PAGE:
Keeping a Good Thanksgiving: Part 6

Part 6: “What a View!”

“Gratitude isn’t what you give in exchange for something: it’s what you feel when you are blessed – blessed to have family and friends who care about you, and want to see you happy. Hence the joy from Thanksgiving.”
                ~ Will Schwable, “The End of Your Life Book Club”

So, my proposal is that gratitude is a practice, a habit, before it is a feeling. What I learned because someone forced me into the practice – what Will Schwable learned as well, is that the practice or habit of gratitude actually prepares you for the feeling of gratitude.

Theologians, philosophers, and poets know it. At the heart of every religion is gratitude: for the sheer mystery and miracle of existence, “that there is something rather than nothing,” as the philosophers Leibniz and Heidegger put it, that you and I are here, that we have life and that there is a world around us that sustains and delights us, that there are other people who please us and enrich us, people we love and people who love us.

“O Give thanks to the Lord for He is good,” the ancient Psalmist wrote. It’s deeper than formal religion. Religion is my business but gratitude, giving thanks, is not our monopoly. I could launch the argument that you can’t be thankful unless there is someone to be thankful to. But I don’t really believe that. Belief in a creator makes gratitude for creation fuller, stronger, but it is not necessary. Diana Nyad, who swam from Cuba to Key West, got into a discussion with Oprah Winfrey about it a few weeks ago. She said she didn’t believe in a Supreme Being and it took Oprah back a bit. But she added that she felt awe and wonder and gratitude at the beauty of the world and other people. Oprah managed to stir up Atheists all over the country by seeming not to respect atheism – the theology on both sides was actually pretty squishy. But the issue remains – gratitude is a deeply human experience and to express it, to act on it and say it makes us more deeply, authentically alive. And it makes us happy.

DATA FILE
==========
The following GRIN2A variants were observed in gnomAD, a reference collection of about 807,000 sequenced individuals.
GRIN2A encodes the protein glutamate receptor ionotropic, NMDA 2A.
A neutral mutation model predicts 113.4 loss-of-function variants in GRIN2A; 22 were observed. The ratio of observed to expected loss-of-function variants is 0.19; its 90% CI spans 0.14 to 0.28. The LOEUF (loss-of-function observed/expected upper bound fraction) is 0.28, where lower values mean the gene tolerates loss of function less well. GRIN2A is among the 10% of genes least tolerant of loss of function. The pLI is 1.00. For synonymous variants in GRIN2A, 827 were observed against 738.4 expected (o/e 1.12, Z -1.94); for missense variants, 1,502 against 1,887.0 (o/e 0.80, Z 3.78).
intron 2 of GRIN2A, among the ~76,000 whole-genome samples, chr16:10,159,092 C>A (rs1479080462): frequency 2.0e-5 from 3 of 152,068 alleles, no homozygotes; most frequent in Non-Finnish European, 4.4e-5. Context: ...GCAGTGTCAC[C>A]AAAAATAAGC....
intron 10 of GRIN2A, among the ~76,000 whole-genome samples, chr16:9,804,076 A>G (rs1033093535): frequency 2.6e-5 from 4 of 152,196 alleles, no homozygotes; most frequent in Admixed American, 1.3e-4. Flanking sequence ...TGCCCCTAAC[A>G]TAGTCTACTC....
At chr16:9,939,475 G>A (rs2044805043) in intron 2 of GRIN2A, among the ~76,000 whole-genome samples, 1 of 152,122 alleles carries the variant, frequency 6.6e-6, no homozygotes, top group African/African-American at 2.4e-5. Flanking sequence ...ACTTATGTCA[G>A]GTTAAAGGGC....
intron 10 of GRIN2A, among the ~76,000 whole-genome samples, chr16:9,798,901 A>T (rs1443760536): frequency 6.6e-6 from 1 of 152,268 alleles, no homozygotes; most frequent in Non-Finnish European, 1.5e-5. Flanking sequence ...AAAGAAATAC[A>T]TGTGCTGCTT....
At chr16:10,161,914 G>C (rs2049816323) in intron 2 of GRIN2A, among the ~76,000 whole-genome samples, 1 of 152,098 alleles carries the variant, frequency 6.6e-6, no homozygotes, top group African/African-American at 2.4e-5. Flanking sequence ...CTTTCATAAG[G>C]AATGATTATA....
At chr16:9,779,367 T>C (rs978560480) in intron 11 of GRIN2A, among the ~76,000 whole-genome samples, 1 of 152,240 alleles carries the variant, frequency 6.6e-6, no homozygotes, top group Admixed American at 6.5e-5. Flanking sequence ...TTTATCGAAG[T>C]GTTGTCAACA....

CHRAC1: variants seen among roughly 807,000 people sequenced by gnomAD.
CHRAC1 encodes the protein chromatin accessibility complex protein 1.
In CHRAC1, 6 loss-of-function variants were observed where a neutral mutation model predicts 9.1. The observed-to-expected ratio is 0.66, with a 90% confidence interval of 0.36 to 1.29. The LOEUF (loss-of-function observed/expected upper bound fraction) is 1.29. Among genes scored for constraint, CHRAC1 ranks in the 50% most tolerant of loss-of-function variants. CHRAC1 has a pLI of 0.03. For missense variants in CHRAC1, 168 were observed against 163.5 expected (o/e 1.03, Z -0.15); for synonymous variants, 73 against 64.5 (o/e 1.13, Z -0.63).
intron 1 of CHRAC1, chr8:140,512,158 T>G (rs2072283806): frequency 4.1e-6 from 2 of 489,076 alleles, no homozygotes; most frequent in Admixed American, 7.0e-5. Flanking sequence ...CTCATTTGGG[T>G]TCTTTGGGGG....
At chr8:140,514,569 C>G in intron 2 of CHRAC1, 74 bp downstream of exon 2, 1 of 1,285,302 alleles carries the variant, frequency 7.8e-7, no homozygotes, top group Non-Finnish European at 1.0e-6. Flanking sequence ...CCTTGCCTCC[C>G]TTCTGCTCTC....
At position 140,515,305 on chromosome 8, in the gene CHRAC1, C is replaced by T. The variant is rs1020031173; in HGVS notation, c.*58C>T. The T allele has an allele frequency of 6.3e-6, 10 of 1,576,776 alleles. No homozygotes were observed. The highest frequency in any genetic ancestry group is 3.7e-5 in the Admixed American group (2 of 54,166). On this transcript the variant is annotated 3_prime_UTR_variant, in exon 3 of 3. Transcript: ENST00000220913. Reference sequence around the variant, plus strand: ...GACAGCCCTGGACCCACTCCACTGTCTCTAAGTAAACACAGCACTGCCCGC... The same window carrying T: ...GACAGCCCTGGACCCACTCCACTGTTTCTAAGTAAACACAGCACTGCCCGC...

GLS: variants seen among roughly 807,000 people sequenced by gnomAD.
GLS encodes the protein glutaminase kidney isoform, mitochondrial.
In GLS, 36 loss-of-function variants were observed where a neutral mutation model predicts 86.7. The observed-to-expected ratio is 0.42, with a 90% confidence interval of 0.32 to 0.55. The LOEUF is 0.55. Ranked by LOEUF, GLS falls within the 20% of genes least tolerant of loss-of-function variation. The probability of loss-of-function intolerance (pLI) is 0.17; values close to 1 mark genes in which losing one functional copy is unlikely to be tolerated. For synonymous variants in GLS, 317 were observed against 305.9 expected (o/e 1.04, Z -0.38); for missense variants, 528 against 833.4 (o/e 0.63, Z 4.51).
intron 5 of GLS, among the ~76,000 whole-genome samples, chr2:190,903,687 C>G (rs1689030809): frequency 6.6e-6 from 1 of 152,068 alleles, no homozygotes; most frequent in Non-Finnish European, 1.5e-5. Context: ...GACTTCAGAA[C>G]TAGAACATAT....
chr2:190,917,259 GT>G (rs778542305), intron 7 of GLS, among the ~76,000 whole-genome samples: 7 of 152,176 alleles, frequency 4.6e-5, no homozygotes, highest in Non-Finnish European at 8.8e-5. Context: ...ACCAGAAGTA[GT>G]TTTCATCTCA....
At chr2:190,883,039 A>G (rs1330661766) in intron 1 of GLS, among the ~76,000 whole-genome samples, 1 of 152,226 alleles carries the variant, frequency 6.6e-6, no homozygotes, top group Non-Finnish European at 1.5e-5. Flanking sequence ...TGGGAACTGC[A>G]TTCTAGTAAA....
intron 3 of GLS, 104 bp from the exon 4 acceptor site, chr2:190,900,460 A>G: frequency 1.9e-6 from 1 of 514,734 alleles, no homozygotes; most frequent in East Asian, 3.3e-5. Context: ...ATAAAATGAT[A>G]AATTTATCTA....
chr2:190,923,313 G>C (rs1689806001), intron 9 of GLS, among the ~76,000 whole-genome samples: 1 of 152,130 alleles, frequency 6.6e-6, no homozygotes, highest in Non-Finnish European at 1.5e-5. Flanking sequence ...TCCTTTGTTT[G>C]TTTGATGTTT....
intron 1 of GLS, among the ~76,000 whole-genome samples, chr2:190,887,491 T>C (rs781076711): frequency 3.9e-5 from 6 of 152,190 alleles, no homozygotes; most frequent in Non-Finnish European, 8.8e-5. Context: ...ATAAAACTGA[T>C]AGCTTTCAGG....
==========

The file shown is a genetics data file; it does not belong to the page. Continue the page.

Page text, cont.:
Poets and authors who know about it, urge us simply to slow down, take a deep breath, open your eyes and see the gifts all around us.

One of the last things the late John Updike wrote was a personal memoir, Self Consciousness. In it he remembers his father-in-law exclaiming repeatedly while driving, “What a view!” when no one else in the car had even noticed. Updike wrote: “Like him, am I now in my amazed, insistent appreciation of this planet with its scenery and weather – the pathetic discovery the old make that every day and every season has its beauty. That even a walk to the mailbox is a precious experience, that all species of tree and weed have their signature and the sky is a pageant of clouds. Aging,” Updike wrote, “calls us outdoors after the adult indoors of work…into the lovely supplication we thought we had outgrown as children. We come again to love the plain world, stones and wood, air and water. The act of seeing itself is glorious and of hearing and feeling and tasting. [Self Consciousness p. 246]


  1. Stephen Littell says:

    Thank you for a wonderful reflection on the value of gratitude. I love Updike’s contribution and take heart in feeling that I have been old, in that way, for much of my life. The word also shares origin with the word “grace,” which, of course, represents one of the best of Christian notions. Happy Thanksgiving! Steve Littell

    Sent from my iPhone


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